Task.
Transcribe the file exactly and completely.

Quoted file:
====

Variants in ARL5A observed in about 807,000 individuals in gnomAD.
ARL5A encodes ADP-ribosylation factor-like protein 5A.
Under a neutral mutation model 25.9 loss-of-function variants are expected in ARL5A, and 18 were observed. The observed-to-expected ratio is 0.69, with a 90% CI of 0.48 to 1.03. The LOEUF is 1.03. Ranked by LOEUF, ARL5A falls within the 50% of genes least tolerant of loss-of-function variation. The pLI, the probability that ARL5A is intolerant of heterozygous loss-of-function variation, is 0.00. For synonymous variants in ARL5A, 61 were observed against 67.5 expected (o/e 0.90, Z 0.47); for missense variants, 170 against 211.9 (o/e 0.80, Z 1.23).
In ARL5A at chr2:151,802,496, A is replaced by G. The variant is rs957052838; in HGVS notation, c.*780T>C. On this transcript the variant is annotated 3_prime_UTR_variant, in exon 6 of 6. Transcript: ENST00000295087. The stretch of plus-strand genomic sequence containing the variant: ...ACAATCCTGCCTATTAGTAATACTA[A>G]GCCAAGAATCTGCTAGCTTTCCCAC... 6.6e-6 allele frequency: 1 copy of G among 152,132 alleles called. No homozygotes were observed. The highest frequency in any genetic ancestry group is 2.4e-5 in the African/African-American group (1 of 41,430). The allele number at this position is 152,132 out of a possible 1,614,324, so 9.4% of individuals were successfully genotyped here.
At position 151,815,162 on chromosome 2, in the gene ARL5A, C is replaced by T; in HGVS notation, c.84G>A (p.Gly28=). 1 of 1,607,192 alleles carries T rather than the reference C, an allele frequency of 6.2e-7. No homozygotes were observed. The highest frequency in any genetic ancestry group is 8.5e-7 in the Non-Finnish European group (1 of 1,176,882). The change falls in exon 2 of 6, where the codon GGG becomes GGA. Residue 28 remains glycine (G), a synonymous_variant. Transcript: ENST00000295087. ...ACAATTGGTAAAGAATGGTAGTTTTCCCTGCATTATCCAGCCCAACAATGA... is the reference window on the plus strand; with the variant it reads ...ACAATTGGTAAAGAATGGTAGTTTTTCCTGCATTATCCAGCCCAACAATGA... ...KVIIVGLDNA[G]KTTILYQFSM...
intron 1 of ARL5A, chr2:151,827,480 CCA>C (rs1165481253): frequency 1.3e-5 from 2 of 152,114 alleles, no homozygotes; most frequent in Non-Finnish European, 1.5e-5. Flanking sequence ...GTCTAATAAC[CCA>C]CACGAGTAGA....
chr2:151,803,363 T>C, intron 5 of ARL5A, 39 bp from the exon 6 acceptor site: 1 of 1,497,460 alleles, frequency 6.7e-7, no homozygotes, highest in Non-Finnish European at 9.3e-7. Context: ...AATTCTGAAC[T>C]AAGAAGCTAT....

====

Variants in ARL5A observed in about 807,000 individuals in gnomAD.
ARL5A encodes ADP-ribosylation factor-like protein 5A.
Under a neutral mutation model 25.9 loss-of-function variants are expected in ARL5A, and 18 were observed. The observed-to-expected ratio is 0.69, with a 90% CI of 0.48 to 1.03. The LOEUF is 1.03. Ranked by LOEUF, ARL5A falls within the 50% of genes least tolerant of loss-of-function variation. The pLI, the probability that ARL5A is intolerant of heterozygous loss-of-function variation, is 0.00. For synonymous variants in ARL5A, 61 were observed against 67.5 expected (o/e 0.90, Z 0.47); for missense variants, 170 against 211.9 (o/e 0.80, Z 1.23).
In ARL5A at chr2:151,802,496, A is replaced by G. The variant is rs957052838; in HGVS notation, c.*780T>C. On this transcript the variant is annotated 3_prime_UTR_variant, in exon 6 of 6. Transcript: ENST00000295087. The stretch of plus-strand genomic sequence containing the variant: ...ACAATCCTGCCTATTAGTAATACTA[A>G]GCCAAGAATCTGCTAGCTTTCCCAC... 6.6e-6 allele frequency: 1 copy of G among 152,132 alleles called. No homozygotes were observed. The highest frequency in any genetic ancestry group is 2.4e-5 in the African/African-American group (1 of 41,430). The allele number at this position is 152,132 out of a possible 1,614,324, so 9.4% of individuals were successfully genotyped here.
At position 151,815,162 on chromosome 2, in the gene ARL5A, C is replaced by T; in HGVS notation, c.84G>A (p.Gly28=). 1 of 1,607,192 alleles carries T rather than the reference C, an allele frequency of 6.2e-7. No homozygotes were observed. The highest frequency in any genetic ancestry group is 8.5e-7 in the Non-Finnish European group (1 of 1,176,882). The change falls in exon 2 of 6, where the codon GGG becomes GGA. Residue 28 remains glycine (G), a synonymous_variant. Transcript: ENST00000295087. ...ACAATTGGTAAAGAATGGTAGTTTTCCCTGCATTATCCAGCCCAACAATGA... is the reference window on the plus strand; with the variant it reads ...ACAATTGGTAAAGAATGGTAGTTTTTCCTGCATTATCCAGCCCAACAATGA... ...KVIIVGLDNA[G]KTTILYQFSM...
intron 1 of ARL5A, chr2:151,827,480 CCA>C (rs1165481253): frequency 1.3e-5 from 2 of 152,114 alleles, no homozygotes; most frequent in Non-Finnish European, 1.5e-5. Flanking sequence ...GTCTAATAAC[CCA>C]CACGAGTAGA....
chr2:151,803,363 T>C, intron 5 of ARL5A, 39 bp from the exon 6 acceptor site: 1 of 1,497,460 alleles, frequency 6.7e-7, no homozygotes, highest in Non-Finnish European at 9.3e-7. Context: ...AATTCTGAAC[T>C]AAGAAGCTAT....